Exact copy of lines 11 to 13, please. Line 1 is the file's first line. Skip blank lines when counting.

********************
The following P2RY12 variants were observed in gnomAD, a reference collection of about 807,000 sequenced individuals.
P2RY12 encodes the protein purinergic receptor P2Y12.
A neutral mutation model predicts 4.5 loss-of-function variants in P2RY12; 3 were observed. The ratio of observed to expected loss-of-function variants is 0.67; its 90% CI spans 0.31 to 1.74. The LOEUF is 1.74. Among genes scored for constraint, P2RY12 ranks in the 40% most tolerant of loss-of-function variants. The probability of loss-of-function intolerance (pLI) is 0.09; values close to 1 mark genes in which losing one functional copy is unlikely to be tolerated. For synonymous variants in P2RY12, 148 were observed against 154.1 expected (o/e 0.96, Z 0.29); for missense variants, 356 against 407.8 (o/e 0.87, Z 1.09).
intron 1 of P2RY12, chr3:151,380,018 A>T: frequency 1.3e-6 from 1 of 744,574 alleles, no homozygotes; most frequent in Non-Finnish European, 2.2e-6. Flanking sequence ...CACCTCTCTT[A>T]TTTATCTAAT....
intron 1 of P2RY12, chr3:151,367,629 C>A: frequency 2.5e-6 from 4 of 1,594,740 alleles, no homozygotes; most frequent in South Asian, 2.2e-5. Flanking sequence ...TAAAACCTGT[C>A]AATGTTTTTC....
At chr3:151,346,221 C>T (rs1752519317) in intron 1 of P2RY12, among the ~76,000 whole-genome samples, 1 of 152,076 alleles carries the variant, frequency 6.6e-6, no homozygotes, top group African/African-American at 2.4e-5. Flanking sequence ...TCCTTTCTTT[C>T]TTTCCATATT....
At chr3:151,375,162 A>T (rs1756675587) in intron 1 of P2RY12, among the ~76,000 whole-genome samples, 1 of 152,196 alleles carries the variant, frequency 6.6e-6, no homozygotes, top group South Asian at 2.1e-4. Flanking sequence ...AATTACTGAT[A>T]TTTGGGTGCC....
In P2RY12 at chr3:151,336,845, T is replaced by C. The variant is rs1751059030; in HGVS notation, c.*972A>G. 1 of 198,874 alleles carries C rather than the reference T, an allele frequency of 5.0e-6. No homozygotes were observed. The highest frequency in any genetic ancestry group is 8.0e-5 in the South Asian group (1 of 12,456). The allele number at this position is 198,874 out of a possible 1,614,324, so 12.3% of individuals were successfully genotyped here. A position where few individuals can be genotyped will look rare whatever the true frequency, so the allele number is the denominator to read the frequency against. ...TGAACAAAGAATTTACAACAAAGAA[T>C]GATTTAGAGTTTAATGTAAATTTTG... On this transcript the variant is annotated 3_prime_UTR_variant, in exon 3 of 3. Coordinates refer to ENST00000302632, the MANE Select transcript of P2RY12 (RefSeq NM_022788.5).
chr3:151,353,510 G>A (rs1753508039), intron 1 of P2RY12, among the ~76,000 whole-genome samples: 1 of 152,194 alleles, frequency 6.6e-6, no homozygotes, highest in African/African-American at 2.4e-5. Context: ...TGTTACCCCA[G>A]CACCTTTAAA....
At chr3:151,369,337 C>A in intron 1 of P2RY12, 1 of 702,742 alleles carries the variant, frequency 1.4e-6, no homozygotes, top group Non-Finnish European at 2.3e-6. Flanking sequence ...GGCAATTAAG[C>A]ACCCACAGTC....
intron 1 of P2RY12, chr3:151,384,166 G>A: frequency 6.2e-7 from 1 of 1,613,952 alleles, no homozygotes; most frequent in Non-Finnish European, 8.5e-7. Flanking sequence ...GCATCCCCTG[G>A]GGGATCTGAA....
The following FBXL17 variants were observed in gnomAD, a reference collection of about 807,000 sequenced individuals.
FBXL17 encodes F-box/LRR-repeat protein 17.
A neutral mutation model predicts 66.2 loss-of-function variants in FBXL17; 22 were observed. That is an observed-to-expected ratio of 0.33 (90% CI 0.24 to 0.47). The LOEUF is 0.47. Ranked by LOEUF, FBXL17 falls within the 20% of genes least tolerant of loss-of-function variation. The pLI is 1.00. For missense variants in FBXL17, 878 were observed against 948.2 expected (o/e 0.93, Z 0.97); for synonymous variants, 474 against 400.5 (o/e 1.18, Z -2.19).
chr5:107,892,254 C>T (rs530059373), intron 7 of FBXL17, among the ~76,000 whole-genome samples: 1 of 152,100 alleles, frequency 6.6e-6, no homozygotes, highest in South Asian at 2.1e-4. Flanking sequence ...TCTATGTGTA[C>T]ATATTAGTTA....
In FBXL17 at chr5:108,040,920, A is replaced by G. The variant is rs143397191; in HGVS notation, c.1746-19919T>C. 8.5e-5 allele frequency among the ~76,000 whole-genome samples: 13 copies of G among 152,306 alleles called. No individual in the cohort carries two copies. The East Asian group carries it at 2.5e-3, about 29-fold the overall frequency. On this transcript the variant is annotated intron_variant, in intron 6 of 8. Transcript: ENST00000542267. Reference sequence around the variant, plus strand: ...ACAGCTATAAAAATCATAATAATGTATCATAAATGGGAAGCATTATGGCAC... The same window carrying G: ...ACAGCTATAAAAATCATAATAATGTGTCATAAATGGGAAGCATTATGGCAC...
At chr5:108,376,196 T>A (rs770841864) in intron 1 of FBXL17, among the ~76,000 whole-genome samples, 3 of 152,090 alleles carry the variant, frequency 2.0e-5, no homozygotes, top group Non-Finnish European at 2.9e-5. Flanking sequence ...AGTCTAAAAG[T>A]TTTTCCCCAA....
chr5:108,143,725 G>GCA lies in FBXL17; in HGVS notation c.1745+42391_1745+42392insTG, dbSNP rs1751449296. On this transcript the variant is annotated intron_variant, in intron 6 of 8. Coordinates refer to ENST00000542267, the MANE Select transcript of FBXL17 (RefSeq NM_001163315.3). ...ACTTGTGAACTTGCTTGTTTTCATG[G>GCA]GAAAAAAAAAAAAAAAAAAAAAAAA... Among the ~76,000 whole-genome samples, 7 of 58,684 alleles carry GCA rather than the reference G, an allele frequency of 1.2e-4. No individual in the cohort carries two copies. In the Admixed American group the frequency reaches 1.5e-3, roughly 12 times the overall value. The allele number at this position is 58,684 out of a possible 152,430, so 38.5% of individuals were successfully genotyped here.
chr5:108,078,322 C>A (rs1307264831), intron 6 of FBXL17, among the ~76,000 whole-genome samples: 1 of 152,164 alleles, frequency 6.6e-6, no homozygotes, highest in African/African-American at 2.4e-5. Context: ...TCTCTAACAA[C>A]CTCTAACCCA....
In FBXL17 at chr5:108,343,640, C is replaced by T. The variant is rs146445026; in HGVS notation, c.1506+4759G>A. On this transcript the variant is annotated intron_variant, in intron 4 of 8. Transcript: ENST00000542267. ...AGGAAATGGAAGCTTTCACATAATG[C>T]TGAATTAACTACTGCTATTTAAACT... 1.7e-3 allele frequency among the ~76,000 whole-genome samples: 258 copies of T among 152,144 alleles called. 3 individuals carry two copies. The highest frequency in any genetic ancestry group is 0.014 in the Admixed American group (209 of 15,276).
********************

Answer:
intron 1 of P2RY12, chr3:151,384,166 G>A: frequency 6.2e-7 from 1 of 1,613,952 alleles, no homozygotes; most frequent in Non-Finnish European, 8.5e-7. Flanking sequence ...GCATCCCCTG[G>A]GGGATCTGAA....
The following FBXL17 variants were observed in gnomAD, a reference collection of about 807,000 sequenced individuals.
FBXL17 encodes F-box/LRR-repeat protein 17.